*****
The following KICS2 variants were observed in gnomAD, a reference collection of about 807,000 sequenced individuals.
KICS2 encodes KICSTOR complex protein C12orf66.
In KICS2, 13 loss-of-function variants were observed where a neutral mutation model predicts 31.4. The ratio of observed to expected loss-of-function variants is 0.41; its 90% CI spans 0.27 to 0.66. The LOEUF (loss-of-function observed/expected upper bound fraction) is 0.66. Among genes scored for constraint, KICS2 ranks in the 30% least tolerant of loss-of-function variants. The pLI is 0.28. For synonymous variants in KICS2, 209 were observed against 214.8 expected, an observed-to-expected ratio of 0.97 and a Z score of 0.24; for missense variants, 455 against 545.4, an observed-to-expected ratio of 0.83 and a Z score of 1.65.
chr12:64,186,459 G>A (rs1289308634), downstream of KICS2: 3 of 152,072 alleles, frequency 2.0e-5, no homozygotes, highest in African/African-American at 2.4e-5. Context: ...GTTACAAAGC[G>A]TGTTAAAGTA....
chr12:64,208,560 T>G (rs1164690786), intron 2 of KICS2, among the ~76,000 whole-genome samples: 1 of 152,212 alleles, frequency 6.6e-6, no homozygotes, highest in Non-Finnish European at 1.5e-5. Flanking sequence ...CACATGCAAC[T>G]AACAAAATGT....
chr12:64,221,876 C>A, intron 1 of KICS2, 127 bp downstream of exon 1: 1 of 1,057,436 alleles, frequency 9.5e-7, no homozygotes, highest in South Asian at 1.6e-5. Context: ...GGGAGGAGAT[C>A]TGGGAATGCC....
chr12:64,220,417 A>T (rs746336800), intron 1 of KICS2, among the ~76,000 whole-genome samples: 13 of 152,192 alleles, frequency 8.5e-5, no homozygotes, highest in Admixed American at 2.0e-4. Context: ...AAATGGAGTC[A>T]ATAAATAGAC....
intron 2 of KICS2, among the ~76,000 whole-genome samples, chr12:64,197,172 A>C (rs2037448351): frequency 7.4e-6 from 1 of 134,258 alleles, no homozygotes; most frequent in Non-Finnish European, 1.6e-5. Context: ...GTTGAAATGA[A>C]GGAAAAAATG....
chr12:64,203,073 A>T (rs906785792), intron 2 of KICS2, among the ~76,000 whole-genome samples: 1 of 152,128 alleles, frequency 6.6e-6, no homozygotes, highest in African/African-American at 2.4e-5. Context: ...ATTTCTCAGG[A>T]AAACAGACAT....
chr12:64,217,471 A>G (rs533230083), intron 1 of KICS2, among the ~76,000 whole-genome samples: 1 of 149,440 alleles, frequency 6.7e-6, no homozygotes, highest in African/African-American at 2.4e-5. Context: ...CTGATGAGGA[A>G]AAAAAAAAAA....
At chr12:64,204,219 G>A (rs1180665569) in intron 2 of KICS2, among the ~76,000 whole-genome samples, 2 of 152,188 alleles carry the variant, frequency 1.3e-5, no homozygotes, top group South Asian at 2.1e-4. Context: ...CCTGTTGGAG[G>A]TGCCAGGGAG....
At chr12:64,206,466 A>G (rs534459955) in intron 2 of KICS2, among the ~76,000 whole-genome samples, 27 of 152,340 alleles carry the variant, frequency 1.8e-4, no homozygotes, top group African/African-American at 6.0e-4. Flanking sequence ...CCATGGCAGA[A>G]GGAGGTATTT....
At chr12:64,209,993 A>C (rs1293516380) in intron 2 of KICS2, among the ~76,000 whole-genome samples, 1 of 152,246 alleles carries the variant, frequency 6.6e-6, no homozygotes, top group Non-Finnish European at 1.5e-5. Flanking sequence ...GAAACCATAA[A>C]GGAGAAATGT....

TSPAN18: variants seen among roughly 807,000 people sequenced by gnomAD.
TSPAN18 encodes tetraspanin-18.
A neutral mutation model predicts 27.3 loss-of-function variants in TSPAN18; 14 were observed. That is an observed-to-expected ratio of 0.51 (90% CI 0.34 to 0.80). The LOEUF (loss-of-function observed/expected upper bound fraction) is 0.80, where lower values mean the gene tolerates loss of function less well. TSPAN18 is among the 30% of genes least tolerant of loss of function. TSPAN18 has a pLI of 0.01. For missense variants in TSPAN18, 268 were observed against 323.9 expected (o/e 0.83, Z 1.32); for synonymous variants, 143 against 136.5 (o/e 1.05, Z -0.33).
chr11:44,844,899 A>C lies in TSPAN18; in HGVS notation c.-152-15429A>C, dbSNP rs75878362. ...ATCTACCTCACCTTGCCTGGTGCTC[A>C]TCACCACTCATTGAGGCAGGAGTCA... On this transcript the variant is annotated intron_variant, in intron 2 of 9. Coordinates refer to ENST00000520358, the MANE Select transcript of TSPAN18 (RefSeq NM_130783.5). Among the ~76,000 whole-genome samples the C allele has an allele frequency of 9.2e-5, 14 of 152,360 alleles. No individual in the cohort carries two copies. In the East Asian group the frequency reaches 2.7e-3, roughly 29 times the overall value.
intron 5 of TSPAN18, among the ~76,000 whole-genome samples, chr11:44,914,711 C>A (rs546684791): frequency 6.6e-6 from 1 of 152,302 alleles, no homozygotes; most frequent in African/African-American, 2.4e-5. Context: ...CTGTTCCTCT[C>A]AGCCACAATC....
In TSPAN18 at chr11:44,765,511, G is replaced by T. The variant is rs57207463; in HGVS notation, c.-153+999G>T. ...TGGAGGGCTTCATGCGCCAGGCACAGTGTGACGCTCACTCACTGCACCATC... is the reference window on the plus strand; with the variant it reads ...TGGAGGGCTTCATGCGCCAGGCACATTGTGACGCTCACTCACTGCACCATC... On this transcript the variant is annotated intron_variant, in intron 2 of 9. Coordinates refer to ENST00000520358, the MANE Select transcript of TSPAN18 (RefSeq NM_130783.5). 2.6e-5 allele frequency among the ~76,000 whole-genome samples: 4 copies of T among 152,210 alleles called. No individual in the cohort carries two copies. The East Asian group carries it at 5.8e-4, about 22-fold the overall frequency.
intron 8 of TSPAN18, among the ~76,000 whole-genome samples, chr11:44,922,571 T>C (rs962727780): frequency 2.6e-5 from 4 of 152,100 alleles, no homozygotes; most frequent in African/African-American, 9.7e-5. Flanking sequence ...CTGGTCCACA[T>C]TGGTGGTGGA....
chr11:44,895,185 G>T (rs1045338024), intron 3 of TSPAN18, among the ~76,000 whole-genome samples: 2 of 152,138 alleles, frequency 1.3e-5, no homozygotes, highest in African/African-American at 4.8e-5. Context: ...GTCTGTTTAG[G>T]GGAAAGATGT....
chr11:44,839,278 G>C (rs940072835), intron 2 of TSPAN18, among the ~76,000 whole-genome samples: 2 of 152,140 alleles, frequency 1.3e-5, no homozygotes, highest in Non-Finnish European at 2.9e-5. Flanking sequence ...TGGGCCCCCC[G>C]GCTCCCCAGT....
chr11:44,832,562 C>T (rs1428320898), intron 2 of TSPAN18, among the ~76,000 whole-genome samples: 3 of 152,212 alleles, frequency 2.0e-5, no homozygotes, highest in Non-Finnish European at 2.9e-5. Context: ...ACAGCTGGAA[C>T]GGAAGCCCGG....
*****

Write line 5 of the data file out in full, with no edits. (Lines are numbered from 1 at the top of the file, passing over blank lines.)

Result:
chr12:64,208,560 T>G (rs1164690786), intron 2 of KICS2, among the ~76,000 whole-genome samples: 1 of 152,212 alleles, frequency 6.6e-6, no homozygotes, highest in Non-Finnish European at 1.5e-5. Flanking sequence ...CACATGCAAC[T>G]AACAAAATGT....